Extra: Remember when eye patches were a thing?

I’m serious. You remember those days right? Nearly every anime coming out featured at least one character sporting an eye patch (oddly, pirates never really factored in). Even Fullmetal Alchemist’s newest movie succumbed. And, yes, I do indeed blame CLAMP for this trend. Many of their characters fell into that category, such as Fay in Tsubasa Chronicles. Other manga teams picked it up as well, as evident in Peach Pit’s Rozen Maiden series. This trend was pretty strong throughout the late 90s and early 2000s, even filtering down into the harem genres where some girl, who probably lost her memories, also sported an eye patch for seemingly no reason whatsoever. And, yes, that is a bitterness you hear in my tone. At least with a lot of the male versions they were hiding a blank eye, a terrible wound or laser guns. The female version didn’t even try half the time.

But, anyway, this brings me back to the point. Fads. Anime seems to have its fair share of them. After FMA was a hit, there was an increase in alchemy making an appearance in shows and games from Japan. Then there’s always been a fascination with angels and demons, though the amount varies. And seeing a picture of Irvine from Zoids Chaotic Century (ps – his covered eye is apparently fine. He used his eye patch for extra cameras and as a recording device. Gotta get me one of those) makes me wonder about today’s shows. What trends are showing up these days? I’d call out “amnesia,” but let’s be honest with ourselves. That card has been played by nearly every show in existence. It’s like some kind of holy grail for an anime production company. I can just see some younger company pitching an idea to investors and being asked if they’ve done a show yet involving a memory-less character, the answer being a make or break for the entire deal.

So what is today’s trend? If I had to guess, I’d throw out “insanity.” There’s been quite the increase in physiological thriller/horror anime coming across the Pacific in the last couple years. Even traditionally “innocent” genres have gotten puled into the mix, as is the case with Madoka Magica. It makes me wonder why. Maybe it’s simply an age thing. Many fans who grew up on Sailor Moon are now far older and exiting college. For them, traditional shows are seeming slow, perhaps. Tastes often shift with age and there’s likely been a serge in demand for more mature shows (I’m ignoring porn because the high demand for that is nothing new).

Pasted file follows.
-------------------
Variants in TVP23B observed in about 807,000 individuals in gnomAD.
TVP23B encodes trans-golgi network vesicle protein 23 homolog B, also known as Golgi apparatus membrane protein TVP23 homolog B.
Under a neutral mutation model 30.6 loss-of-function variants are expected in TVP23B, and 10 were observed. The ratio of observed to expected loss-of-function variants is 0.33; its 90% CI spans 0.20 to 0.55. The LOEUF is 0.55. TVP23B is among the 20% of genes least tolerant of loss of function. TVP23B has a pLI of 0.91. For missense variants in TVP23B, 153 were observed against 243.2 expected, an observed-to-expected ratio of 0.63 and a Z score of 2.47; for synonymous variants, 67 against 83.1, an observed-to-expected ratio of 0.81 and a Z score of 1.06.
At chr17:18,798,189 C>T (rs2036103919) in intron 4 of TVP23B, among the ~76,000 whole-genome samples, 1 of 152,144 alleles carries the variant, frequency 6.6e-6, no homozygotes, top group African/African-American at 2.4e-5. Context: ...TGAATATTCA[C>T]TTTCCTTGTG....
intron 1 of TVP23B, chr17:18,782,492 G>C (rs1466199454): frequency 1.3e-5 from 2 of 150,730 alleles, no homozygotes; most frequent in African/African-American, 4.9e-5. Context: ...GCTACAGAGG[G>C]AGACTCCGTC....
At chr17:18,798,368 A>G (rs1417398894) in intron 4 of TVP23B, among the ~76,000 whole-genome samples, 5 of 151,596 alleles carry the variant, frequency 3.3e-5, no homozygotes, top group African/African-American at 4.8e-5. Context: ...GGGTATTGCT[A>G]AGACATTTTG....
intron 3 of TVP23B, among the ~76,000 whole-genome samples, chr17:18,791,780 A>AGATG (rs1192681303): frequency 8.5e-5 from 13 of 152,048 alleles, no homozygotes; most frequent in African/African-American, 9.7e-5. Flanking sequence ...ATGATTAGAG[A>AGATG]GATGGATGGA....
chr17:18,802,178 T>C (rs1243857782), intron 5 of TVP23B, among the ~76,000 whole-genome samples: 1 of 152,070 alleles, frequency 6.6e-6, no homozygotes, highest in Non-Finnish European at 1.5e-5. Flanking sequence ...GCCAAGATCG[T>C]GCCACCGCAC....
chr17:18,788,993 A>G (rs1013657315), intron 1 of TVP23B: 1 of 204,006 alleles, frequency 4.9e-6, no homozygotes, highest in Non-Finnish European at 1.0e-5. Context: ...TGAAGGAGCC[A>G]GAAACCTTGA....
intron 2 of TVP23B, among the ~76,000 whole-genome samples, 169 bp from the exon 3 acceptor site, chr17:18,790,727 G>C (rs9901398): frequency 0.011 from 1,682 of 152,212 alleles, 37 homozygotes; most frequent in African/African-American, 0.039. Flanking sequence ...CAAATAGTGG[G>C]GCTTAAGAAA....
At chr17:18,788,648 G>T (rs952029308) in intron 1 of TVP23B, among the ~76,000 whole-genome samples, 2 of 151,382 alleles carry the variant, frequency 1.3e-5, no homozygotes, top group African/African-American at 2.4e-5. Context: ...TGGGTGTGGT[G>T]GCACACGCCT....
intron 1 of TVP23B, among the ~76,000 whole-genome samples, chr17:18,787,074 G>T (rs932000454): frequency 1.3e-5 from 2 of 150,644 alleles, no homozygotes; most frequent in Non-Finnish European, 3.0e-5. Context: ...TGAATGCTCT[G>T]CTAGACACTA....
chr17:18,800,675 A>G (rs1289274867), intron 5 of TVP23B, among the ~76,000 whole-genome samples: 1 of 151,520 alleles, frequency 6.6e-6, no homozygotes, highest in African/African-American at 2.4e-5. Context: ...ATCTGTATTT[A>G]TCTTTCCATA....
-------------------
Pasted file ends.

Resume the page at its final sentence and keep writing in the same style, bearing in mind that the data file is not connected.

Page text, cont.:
Of course, it could also have to do with people’s ideas of society. Like how unpredictable it is and such. But I’d rather avoid speculating on that. Especially as I’m sure there are a few other trends, probably smaller details, that are going down these days and I can’t seem to put my finger on them.
What do you think? What’s today’s “eye patch?”

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About inrosegalaxy

Raised on everything from Moby Dick to the Star Wars X-Wing books from a young age, it came as no surprise to anyone who knew me that I’d become a literature graduate and avid writer. But my love of a good story wasn’t restricted to the written word in my early years. Star Trek, Mystery Science Theater 3000, and badly dubbed Godzilla flicks helped shape my love of science fiction on screen as well. I wrote my first story while in the second grade. It was a horrifying tale about murdering a fairy-eating dog via a slice of pizza (in my defense, my only exposure to pizza was in the cafeteria and I swear you could legitimately kill someone with those things). I was a special snowflake. Today I write science fiction, fairy tales, Gothic epistolaries, fantasy and anything else that pops into my bizarre and twisted mind. I write new articles for my blog every Tuesday and Thursday. And if you happen to fancy Japanese animation, I also run an anime review blog, RRAR, which updates every Monday.

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